Melissa Hinshaw — Did everyone read Luster by Raven Leilani? I held out for a while because it seemed too cool and hip but it truly was one of my favorite reads of the year. I also read sophomore novels of two authors I’ve enjoyed before: The Mothers by Brit Bennett and Yaa Gyasi’s Transcendent Kingdom. This summer I got on a Lidia Yuknavitch kick and read her memoir The Chronology of Water, her new short story collection Verge, and quick little rebel guide The Misfits Manifesto in like two weeks. I just finished the year reading Orchestra of Minorities by Chigozie Obioma, another sophomore novel that took me a minute to get into and has been sitting on my desk since 2019—but wow I’m glad I didn’t let it slide from my list. Do not sleep on that one. Lastly, in the nonfiction arena, Fenton Johnson’s At the Center of All Beauty: Solitude and the Creative Life could not have come at a better moment for a pandemic year where I had a lot of time alone wrestling with my creativity and identity.

Melissa Madore — Feels like we have been stuck in The Never Ending Story.

When I read this year, it had to matter—a lot.

Exhalation by Ted Chiang. Old questions—what makes us human? What desires line the fabric of humanity? Chiang’s stories deal with time travel portals, love of digital pets, children raised by mechanical nannies and so on. It feels all too possible; all too real. A necessary reflection considering what the future holds.

Get in Trouble by Kerrie Link. Clever, imaginative, fun, a tad spooky. And like Chiang, Link’s stories can leave you with the metallic taste of a (too) modern future. If you have kids, you probably know all about the interactive and lifelike pets, the dolls that eat and ask for more etc. etc. Toys are becoming smarter and smarter. In the story, “The New Boyfriend,” young girls buy lifelike boyfriend dolls.  When those hit the market, we can’t say we didn’t see it coming.

The Convenience Store Woman by Sayaka Murata. With the world coming to a halt, a lot of us were forced to take deep breaths and reassess ourselves.  In this novel, Keiko, a thirty-six years old unmarried woman, finds purpose working in a convenience store. It’s funny and smart, reminds us that we don’t have to fit the society mold and that there can be sanity, even fulfillment, in aligning tins of peas.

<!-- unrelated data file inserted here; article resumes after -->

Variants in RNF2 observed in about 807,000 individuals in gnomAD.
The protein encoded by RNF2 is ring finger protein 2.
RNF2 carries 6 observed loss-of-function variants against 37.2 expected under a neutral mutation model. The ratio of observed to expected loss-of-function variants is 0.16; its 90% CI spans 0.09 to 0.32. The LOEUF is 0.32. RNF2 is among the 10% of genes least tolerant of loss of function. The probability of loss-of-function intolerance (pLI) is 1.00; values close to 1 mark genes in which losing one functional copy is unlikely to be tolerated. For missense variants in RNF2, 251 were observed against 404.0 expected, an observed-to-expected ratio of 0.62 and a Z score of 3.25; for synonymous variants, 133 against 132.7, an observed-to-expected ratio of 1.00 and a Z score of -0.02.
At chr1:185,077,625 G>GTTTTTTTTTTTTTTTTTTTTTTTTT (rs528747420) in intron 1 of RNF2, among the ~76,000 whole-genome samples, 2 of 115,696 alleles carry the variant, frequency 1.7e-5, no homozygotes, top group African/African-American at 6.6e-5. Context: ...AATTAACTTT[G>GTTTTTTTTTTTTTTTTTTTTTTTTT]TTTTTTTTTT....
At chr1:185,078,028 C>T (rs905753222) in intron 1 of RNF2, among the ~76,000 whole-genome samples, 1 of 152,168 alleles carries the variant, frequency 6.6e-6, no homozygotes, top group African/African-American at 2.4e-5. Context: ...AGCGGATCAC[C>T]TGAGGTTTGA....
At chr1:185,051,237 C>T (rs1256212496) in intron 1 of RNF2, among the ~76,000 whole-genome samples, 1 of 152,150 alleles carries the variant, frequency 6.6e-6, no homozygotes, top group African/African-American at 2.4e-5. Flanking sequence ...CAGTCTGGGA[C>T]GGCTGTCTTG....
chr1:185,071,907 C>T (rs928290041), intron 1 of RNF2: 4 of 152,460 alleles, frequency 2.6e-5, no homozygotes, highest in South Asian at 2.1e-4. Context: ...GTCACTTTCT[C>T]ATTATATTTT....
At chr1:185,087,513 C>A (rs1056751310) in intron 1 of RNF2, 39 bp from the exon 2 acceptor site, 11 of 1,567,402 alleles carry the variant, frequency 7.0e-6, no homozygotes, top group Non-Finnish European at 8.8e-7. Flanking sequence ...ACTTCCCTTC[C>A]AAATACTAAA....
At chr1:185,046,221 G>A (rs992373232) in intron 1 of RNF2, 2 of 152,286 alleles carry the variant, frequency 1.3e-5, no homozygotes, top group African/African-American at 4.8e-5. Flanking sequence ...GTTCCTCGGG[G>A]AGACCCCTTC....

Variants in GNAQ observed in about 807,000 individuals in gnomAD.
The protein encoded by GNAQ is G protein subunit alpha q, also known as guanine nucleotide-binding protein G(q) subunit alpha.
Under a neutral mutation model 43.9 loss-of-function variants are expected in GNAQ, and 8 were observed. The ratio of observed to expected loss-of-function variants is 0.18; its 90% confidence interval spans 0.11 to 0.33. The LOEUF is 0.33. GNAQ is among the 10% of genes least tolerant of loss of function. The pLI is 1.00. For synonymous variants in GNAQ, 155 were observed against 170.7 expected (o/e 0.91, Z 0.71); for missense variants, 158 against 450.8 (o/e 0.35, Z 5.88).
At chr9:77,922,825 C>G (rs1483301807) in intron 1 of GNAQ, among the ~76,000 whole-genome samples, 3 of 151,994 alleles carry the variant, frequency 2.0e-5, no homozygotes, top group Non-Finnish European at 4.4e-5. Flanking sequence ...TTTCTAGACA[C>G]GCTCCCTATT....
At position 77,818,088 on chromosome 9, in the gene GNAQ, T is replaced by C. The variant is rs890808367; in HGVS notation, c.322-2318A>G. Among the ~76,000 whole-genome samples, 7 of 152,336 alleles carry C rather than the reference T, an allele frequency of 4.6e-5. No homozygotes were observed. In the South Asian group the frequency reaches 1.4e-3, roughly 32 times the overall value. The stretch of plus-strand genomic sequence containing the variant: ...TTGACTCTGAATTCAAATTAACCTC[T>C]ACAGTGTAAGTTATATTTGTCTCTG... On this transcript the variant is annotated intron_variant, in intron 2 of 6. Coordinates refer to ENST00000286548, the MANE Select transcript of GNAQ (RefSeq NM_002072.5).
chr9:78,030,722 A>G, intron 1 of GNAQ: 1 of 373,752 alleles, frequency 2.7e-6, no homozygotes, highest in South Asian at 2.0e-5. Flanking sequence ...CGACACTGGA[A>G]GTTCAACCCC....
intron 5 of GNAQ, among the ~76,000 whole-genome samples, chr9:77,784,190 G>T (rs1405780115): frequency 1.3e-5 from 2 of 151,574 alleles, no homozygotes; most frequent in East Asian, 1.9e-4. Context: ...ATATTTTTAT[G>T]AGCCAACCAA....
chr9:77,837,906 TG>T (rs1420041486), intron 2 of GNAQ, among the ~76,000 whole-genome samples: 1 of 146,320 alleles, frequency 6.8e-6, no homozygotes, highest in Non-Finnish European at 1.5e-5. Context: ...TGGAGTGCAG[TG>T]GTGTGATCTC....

Rebecca Williamson — While I only read thirty-eight of fifty books for my Goodreads challenge, each book was unique and riveting. Among that list were many 2020 releases, and I want to highlight two of them. One of my favorite fiction books was The Last Story of Mina Lee by Nancy Jooyoun Kim. The book showcases a complex mother-daughter relationship between Mina, a Korean immigrant, and her daughter Margot, born and raised in America. The book is told from both their perspectives: Mina’s point of view in the past just after she arrived in Los Angeles’ Koreatown and Margot in the present after she discovers her mother’s dead body in the opening scene. The plot unfolds as Margot learns more about her mother’s life while reconciling her relationship with her mother, her Korean-American culture, and herself.

I also made it a mission to read more nonfiction books. My favorite was Hood Feminism: Notes from the Women That a Movement Forgot by Mikki Kendall. This book sheds light on the disparities faced by women of color in the feminist movement. It questions everything the mainstream feminist movement teaches by acknowledging how issues such as gun violence, poverty, and education impact women of color in America. This book is for someone who wants to learn and be challenged to do better.


At The Masters Review, our mission is to support emerging writers. We only accept submissions from writers who can benefit from a larger platform: typically, writers without published novels or story collections or with low circulation. We publish fiction and nonfiction online year-round and put out an annual anthology of the ten best emerging writers in the country, judged by an expert in the field. We publish craft essays, interviews and book reviews and hold workshops that connect emerging and established writers.